A moral compass

Reluctant to speak on political issues, as deaths mount, a rabbi takes a stand

Taff’s “moral compass” compelled him to speak out about the Iraq war. “It’s time for people of conscience to stand up and to raise our voices.”

Taff’s “moral compass” compelled him to speak out about the Iraq war. “It’s time for people of conscience to stand up and to raise our voices.”

SN&R Photo By Anne Stokes

Rabbi Reuven Taff is the spiritual leader of Mosaic Law Congregation, Sacramento’s conservative synagogue. Trained as a teacher and cantor, Rabbi Taff also has served on the board of directors of the Northern California Region of the American Israel Public Affairs Committee. He was among the founders of the Committee on Conscience, an organization devoted to ending the genocide in the Darfur region of Sudan.

What do you say when you talk to your congregation about what’s going on in the Middle East, particularly the war in Iraq?

Every single Sabbath, we say a special prayer for our country and we recite the prayer together. It’s a very beautiful prayer that expresses a desire to bless our government, our president and all who advise him to govern and lead our country toward justice. And at the end we have a quote in the prayer from Isaiah, “Nation shall not lift up sword against nation, neither shall they war any more,” and that peace shall reign throughout the world, etc. Every single Shabbat morning we recite a prayer for our country, and we will continue to.

Now I usually have not spoken on political issues. I think people don’t want to hear, they don’t want their rabbi or clergyman talking on that—it depends on the congregation. My focus is not to speak on political issues.

But my moral compass did compel me, on June 2, to speak to my congregation on the subject of the war in Iraq. I felt that, with the numbers of soldiers killed in battle each week—most of whom are being killed by explosive devices, car bombs and that sort of thing—I felt that I no longer could be silent, so I spoke to my congregation.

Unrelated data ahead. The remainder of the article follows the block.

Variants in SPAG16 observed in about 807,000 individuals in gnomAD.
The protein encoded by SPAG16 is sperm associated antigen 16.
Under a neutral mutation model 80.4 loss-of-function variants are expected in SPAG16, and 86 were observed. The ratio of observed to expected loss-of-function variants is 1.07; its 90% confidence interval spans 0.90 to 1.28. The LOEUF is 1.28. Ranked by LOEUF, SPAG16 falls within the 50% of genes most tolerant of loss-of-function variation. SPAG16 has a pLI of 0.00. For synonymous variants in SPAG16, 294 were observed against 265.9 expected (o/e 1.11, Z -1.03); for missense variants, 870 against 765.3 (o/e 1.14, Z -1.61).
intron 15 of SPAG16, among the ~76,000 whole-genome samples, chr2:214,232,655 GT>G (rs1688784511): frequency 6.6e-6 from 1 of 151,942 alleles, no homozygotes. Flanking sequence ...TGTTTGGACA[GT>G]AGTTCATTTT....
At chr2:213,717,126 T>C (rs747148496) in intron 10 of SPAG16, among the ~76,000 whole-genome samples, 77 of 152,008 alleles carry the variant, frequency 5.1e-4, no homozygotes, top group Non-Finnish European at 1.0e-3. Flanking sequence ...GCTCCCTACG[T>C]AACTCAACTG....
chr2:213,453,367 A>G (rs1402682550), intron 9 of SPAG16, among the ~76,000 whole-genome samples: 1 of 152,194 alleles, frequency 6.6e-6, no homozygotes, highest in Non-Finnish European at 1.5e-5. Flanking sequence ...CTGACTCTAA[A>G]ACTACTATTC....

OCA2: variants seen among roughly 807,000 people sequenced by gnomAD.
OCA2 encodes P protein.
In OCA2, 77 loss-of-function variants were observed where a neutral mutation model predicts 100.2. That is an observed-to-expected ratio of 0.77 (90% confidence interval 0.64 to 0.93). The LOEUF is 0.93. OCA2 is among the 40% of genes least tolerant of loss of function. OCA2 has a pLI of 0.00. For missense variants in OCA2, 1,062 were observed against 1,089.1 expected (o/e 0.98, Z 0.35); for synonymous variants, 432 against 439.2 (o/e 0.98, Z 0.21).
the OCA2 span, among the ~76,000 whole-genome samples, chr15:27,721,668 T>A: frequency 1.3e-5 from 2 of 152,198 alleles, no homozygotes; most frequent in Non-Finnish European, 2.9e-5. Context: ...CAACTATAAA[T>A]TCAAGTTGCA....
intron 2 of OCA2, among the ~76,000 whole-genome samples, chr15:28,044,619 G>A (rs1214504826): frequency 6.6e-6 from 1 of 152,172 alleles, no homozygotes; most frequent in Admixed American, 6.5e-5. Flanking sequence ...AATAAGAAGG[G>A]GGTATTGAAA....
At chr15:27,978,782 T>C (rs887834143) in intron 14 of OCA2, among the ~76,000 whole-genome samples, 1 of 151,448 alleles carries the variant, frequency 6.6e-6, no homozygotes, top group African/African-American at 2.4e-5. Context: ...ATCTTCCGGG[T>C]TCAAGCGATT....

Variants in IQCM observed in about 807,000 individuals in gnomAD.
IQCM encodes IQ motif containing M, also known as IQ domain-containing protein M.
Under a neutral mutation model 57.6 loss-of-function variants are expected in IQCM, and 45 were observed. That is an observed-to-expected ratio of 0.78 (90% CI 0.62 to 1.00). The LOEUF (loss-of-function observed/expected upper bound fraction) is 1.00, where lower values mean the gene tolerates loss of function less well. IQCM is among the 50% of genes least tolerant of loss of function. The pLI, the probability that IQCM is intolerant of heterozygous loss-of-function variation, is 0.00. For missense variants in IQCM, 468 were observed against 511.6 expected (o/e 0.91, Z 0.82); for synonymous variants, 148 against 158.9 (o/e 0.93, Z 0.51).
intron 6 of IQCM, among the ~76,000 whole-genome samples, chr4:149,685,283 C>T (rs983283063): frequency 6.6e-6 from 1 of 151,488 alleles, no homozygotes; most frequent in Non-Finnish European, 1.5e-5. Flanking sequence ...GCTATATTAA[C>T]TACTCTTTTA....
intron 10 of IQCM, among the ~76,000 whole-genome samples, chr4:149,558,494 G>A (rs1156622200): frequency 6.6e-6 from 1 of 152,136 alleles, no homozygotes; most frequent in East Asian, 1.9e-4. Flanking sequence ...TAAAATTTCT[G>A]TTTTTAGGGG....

I mentioned to them that over the past several weeks, while the media had been focusing on the two whales in the Delta, and while the media has focused on Paris Hilton’s legal difficulties, the number of American soldiers killed in Iraq continues to escalate, with the death of these soldiers relegated to some obscure page in our newspapers and barely reported in the news.

I said that it’s time for people of conscience to stand up and to raise our voices and tell our president that the war will not solve the issues which Iraqis themselves must work together to resolve. … This is not a Democratic or a Republican issue; this is a moral issue that should concern all Americans. I believe that it’s important for all people—certainly if we’re responsible for this country—to share our feelings about what concerns us. The bottom line is that we never want to say “It could have been different if we’d acted.”

Does the relationship of American Jews to Israel and Middle East politics affect the position you take?

I think that I can separate the two. I think the war in Iraq is very, very different than what’s happening in Israel.

Obviously, I’m very, very concerned about what’s happening in Israel, and with Iran’s influence on Hamas, and on Hezbollah and on other terrorist groups—which have only one goal, which is to destroy Israel and to annihilate the country. So obviously I have strong concerns about Israel’s plight living amongst—living in a hostile neighborhood. They can’t get a break. … I don’t think that what’s going on in Iraq is helping Israel or hurting Israel. I’m seeing more and more American soldiers killed every week. I’ve begun reading the names of all the American soldiers killed in battle at the end of our services, before recitation of the mourner’s Kaddish, the prayer for the dead. I began two weeks ago reading their names and ranks of every American soldier. These are precious human beings.